I didn’t learn all that stuff because of that usher. I learned it because I deeply loved America before, during, and after I met him.
I did learn a lesson that day at Great America, although I’m not sure it was the intended one. What I learned is that some people who don’t have much power in the world want to use the little they have to exercise it over other people. Life isn’t fair, and they’re not going to make it fairer for anyone but them. Life isn’t do unto others. Life is a zero-sum game where you do it to others before others get the chance to do it to you. It’s a middle-management attitude at best.
And okay…it’s hard for me not to compare such people to President Trump’s most diehard supporters. That’s a stereotype that most of them, while on Twitter, do very little to dispel.
I question anyone who uses the national anthem as a rhetorical bludgeon, anyone who says that their reverence for that song proves their patriotism over someone else’s patriotism. It’s a song. Big deal.
Many, many of us space out a little bit during the anthem. I will sign the deed to my house over to you if you can produce a video of a stadium full of people listening to the anthem that does not include a few people sitting down. (Don’t blame the disabled, people.) It’s really not a big deal — or it shouldn’t be.
I’ve criticized the 45th President for many things, but until now, I’ve never said a word about the above photo. Until now, I’ve never said anything about Melania Trump nudging her husband to be more respectful. I’ve never said anything because such comments should be beneath us.
As Trump proves with his own behavior, the anthem is a highly fungible symbol. So is the flag, as this thread conclusively proves. Just as clearly, Confederate-flag supporters have no business using the stars and stripes as a patriotism test.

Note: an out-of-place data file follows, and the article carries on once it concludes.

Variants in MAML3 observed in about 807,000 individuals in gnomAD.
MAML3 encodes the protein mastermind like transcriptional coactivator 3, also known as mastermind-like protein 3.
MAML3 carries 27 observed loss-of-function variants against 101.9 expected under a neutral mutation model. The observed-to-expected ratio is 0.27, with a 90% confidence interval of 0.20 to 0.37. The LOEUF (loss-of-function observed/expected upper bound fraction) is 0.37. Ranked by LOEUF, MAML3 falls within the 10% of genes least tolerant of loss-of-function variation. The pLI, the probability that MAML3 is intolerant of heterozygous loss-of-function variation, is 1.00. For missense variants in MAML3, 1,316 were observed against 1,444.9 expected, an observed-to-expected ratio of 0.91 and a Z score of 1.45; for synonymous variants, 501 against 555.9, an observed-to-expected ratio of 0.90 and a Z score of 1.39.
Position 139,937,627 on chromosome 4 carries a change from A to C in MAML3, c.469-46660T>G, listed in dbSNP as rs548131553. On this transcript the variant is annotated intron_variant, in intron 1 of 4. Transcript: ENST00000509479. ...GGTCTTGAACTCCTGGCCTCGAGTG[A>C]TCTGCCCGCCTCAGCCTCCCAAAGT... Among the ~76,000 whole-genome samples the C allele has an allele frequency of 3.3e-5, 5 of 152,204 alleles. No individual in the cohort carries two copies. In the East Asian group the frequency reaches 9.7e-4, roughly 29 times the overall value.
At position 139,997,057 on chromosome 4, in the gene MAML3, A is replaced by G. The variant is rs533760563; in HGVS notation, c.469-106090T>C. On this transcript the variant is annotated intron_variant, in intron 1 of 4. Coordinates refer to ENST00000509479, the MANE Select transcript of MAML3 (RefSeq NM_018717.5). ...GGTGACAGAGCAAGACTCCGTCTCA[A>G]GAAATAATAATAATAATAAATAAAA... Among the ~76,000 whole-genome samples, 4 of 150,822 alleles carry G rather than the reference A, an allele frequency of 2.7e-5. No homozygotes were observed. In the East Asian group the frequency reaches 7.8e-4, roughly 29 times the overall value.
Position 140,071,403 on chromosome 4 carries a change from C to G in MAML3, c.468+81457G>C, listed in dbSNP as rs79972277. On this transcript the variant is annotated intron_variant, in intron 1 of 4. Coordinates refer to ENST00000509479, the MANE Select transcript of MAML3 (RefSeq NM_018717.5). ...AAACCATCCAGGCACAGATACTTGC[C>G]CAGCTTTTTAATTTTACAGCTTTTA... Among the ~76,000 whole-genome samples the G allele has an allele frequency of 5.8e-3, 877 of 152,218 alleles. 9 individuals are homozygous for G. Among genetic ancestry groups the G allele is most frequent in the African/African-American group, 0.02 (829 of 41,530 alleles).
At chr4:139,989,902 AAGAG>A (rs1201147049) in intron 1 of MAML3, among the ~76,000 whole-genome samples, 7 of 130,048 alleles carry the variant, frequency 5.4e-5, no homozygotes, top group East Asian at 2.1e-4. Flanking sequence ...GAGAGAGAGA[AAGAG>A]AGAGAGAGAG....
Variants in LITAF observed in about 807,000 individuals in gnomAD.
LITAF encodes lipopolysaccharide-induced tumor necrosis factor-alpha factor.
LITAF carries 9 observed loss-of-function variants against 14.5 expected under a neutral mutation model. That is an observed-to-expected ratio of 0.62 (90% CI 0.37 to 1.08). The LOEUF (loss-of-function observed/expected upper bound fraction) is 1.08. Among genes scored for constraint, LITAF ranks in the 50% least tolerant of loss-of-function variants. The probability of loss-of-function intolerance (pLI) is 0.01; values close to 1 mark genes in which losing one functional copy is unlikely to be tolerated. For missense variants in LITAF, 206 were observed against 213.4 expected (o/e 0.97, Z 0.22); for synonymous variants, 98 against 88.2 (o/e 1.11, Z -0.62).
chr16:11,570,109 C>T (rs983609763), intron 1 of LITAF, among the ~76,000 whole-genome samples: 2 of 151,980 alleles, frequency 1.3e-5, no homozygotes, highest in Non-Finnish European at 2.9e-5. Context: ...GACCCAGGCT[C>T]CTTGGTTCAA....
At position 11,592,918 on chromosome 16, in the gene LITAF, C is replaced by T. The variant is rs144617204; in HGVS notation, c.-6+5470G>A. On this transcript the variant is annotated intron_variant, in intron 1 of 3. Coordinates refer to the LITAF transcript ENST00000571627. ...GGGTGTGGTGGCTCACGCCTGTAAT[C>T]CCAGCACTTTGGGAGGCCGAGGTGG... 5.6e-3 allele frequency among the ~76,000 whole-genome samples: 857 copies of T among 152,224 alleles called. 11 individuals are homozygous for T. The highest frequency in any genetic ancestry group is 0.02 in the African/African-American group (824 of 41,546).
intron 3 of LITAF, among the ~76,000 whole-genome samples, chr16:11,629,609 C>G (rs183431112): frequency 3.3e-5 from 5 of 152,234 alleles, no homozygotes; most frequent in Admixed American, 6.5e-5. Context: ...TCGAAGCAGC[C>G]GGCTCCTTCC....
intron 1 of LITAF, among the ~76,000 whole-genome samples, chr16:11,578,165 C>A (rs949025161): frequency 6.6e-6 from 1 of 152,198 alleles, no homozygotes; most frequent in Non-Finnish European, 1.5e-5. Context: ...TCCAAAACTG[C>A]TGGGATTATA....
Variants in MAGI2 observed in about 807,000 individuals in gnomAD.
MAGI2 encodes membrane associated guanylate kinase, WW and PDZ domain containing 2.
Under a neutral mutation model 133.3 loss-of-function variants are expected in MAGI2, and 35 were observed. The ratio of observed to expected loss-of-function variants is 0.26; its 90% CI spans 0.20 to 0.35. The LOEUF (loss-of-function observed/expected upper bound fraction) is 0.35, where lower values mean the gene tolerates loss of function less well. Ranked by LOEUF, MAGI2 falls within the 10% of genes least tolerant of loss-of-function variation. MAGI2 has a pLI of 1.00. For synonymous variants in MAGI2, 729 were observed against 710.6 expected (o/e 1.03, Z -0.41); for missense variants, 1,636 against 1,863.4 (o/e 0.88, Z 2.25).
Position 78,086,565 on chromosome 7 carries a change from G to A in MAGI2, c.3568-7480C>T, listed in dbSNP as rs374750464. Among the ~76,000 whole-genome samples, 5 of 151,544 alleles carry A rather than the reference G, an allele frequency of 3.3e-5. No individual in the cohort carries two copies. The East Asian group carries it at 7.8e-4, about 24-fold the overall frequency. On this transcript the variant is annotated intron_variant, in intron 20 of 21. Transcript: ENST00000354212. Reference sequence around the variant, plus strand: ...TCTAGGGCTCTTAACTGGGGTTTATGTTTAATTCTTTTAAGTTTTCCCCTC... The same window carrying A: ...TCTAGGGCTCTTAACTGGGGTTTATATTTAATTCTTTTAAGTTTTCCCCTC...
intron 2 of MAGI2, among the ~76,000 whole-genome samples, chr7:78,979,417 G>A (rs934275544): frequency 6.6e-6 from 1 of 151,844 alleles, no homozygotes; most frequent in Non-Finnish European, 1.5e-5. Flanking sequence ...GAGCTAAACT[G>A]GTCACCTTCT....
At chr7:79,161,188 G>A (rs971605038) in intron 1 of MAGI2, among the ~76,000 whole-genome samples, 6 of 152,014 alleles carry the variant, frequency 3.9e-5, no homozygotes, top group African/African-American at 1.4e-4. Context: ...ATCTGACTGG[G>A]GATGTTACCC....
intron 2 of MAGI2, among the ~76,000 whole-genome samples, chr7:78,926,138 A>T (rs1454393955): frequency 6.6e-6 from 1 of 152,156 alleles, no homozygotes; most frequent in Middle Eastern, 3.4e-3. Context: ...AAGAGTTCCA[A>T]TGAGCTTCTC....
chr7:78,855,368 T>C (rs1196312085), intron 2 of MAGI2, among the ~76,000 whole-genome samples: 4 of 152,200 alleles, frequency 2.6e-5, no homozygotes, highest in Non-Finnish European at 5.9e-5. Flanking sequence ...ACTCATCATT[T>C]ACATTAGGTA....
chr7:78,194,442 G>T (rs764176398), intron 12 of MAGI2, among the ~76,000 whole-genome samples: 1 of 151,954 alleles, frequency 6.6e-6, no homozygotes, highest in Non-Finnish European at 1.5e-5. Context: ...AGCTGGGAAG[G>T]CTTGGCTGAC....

The anthem and the flag are not integral to our military or first responders or government — in other words, they’re not integral to America unless we want them to be.
What if some athlete started a protest, or even a counter-protest, by salutingduring the national anthem? What if that athlete said they were doing it to support White Power? I’ll tell you how I’d feel: go right ahead.
What if an athlete came onto the field/court wearing a T-shirt that said “Abortion is murder” or “Hands off my guns”? What if one of them changed the words to “the land of the free and the home of no taxes”? I’d say, you go girl. Because I defend free speech, even when I don’t agree with it.
In the old days, players didn’t even come on the field for the national anthem. The current practice of standing only hardened into convention in the last few decades. And it’s still not a written convention. That’s why you haven’t seen any Trumpistas post a photo of the section of the rulebook (right after the infield-fly rule, before the football-inflation-diameter rule) that says Players Must Stand With One Hand on Heart During the Anthem.
If you really think everyone needs to stand with a hand on a heart during the anthem, play the Star-Spangled Banner at your (non-pro-sports) workplace tomorrow. Take videos of everyone who doesn’t stand. Take those videos to Human Resources and try to get those people fired. Let us know how that went, in excruciating detail. I’m honestly looking forward.
Sure, it’s true that Colin Kaepernick broke ground when he first took a knee to protest police brutality and systemic racism. That means to some haters, this feels like moving the goalposts again, kind of like removing Confederate statues. I see the haters as exhibiting sour grapes that they didn’t think of it first. Or perhaps they’re like my old usher friend, who can only think of maintaining and exercising the tiny amount of power they still have.
We can do better. When we protest injustice, everyone benefits. We can allsupport the sort of patriotism that involves improving all our lives. Together, we can Make Great America American Again.